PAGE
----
Revanchism and depression marked the society of the interwar period. The sanctions of the Treaty of Versailles and the consequences of the crash of 1929 favored the rise of dictatorships and the failure of democracies. Thus, certain foreign policies (Italy, Germany, and Japan) became radicalized by claiming their living space, international prestige, and improvement of the economy. This contrasted with the pacifist work of Pius XII that would not have an effect.
In a bid to achieve them, they opted for militarization. The economy would boost the arms industry, with the main powers responding poorly:
The United States of America would stay out.
The USSR would mistrust the West.
France would trust the British.
The United Kingdom would propose the policy of appeasement, accepting any compromise.
The Road to War: Aggressions
At the same time, certain initiatives jeopardized the work of the League of Nations:
The Japanese invasion of Manchuria (1931) where, despite Chinese protests, the puppet-state of Manchukuo was established. After the sanctions, Japan left the League.
Hitler's defiant attitude (1932-1936): in 1932, the Nazis suspended war reparations, which damaged the economy. The contenders refused to pay their debts to the US, isolating themselves even more. Later, Germany attempted a coup d’état in Austria and contravened the Treaty of Versailles in military matters.
Finally, the Italian occupation of Ethiopia (1935-36), which definitively discredited the democratic powers.
More alarming were two conflicts:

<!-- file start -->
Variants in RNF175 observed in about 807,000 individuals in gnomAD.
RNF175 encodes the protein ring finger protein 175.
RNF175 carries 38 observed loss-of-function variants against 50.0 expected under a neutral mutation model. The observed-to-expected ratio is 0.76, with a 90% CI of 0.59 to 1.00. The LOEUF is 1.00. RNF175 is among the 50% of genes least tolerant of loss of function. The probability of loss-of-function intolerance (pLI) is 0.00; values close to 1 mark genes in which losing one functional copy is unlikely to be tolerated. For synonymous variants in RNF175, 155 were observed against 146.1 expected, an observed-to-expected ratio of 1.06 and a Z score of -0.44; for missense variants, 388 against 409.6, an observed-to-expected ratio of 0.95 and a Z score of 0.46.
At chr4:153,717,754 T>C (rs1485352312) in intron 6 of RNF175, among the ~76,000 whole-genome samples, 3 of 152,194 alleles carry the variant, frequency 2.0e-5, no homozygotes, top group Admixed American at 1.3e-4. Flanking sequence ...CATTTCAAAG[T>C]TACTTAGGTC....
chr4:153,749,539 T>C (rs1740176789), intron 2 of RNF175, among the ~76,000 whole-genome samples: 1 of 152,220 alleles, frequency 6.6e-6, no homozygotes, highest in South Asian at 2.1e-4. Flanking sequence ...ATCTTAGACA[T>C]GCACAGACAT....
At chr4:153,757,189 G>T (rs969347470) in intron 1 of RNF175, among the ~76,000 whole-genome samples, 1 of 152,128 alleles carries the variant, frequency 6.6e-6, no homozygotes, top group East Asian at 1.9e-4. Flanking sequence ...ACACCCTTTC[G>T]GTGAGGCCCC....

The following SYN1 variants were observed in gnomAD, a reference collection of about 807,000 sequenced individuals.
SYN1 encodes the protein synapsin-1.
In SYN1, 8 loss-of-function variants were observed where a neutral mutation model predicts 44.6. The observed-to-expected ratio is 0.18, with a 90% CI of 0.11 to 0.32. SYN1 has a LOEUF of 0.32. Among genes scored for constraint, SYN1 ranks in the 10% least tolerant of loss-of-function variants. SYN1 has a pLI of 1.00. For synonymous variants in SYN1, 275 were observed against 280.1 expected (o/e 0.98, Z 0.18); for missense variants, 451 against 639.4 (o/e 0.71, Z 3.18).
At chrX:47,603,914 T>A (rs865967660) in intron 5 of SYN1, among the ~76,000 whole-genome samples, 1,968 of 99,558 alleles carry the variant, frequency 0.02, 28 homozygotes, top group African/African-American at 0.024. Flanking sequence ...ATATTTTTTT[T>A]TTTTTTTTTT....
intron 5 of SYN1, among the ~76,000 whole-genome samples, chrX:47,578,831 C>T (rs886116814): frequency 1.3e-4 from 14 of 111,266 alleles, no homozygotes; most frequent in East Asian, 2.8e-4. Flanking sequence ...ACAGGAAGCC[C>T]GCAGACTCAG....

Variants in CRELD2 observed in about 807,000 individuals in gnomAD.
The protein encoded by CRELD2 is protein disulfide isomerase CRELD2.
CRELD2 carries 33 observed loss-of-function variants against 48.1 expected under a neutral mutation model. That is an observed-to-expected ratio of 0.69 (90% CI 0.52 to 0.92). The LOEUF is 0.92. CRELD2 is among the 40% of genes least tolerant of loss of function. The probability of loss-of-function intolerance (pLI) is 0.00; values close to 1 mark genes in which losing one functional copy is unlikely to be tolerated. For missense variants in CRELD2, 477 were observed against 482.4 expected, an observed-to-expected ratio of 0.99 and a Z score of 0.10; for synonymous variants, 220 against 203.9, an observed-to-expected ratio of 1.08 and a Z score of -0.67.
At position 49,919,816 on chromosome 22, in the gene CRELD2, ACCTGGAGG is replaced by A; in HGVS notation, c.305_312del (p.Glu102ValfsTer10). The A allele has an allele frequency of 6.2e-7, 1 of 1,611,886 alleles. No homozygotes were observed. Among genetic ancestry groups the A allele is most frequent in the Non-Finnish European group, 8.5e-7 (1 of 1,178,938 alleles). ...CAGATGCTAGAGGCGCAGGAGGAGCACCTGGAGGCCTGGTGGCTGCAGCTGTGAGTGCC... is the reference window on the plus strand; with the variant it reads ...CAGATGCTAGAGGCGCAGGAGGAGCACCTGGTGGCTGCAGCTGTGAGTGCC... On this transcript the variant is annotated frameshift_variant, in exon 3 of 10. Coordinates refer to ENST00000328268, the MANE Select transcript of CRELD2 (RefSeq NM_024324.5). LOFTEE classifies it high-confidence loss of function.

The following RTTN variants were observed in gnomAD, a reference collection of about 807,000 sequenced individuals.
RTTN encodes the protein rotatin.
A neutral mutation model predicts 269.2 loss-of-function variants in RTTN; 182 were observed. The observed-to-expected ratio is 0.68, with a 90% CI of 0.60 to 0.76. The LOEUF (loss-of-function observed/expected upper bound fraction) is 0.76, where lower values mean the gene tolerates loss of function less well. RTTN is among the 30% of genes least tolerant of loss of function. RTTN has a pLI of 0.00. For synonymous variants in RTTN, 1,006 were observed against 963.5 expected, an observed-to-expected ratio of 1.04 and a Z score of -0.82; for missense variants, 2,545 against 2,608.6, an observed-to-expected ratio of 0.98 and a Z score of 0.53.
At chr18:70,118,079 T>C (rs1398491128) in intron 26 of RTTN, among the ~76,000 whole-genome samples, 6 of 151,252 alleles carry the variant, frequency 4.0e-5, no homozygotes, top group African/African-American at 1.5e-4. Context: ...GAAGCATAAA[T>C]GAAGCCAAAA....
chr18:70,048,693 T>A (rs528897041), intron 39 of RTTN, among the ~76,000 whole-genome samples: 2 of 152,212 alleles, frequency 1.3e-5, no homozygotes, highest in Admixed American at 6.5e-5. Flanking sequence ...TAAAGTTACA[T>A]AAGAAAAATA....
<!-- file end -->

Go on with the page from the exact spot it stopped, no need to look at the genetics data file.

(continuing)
In 1936-1939 the Spanish Civil War took place: a confrontation between totalitarianism and democracy. Each nation positioned itself with each side and, despite the fact that a Franco-British committee agreed not to interfere, the support was confirmed.
In 1937, Japan attacked China by surprise, taking advantage of internal strife. However, the nationalists under Chiang Kai Shek and the communists under Mao Zedong postponed their struggles and made a common front. The Second Sino-Japanese War dragged on longer than expected, until 1945.
Next, in 1938-39, Hitler would try to form the Third Reich:
First, he introduced Nazis into the Austrian government. Thus, the Anschluss (union of Germany and Austria) was consummated; the European powers did not react.
Secondly, he headed for Czechoslovakia. As there was a German minority, he claimed the autonomy of the Sudetenland. France and the United Kingdom convened the Munich Conference (1938), for which both gave in to the German. The country would be quickly overrun and divided into the Protectorate of Bohemia-Moravia and the puppet-state of Slovakia.
Later, he forced Lithuania to cede Memel to Germany in 1939. At the same time, Mussolini was occupied Albania.
Finally, he claimed the Polish corridor and the city of Gdansk from Poland. The United Kingdom and France rushed to ensure his safety. But it was too late because no one trusted those claims. On 1st September 1939, Germany invaded both territories. Two days later, the British and French rulers declared war on Hitler.
Vocabulary for the War: Strategies and States
Blitzkrieg: a German military strategy, consisting of a fast, violent attack on a specific place.
Scorched-earth policy: a Soviet military strategy, consisting of the destruction of everything that could be useful to an enemy.
A puppet-state: a government that exercises little or no real authority, as the real power is held by others.
The Resistance: an organization that secretly fights against an enemy having taken control of its country.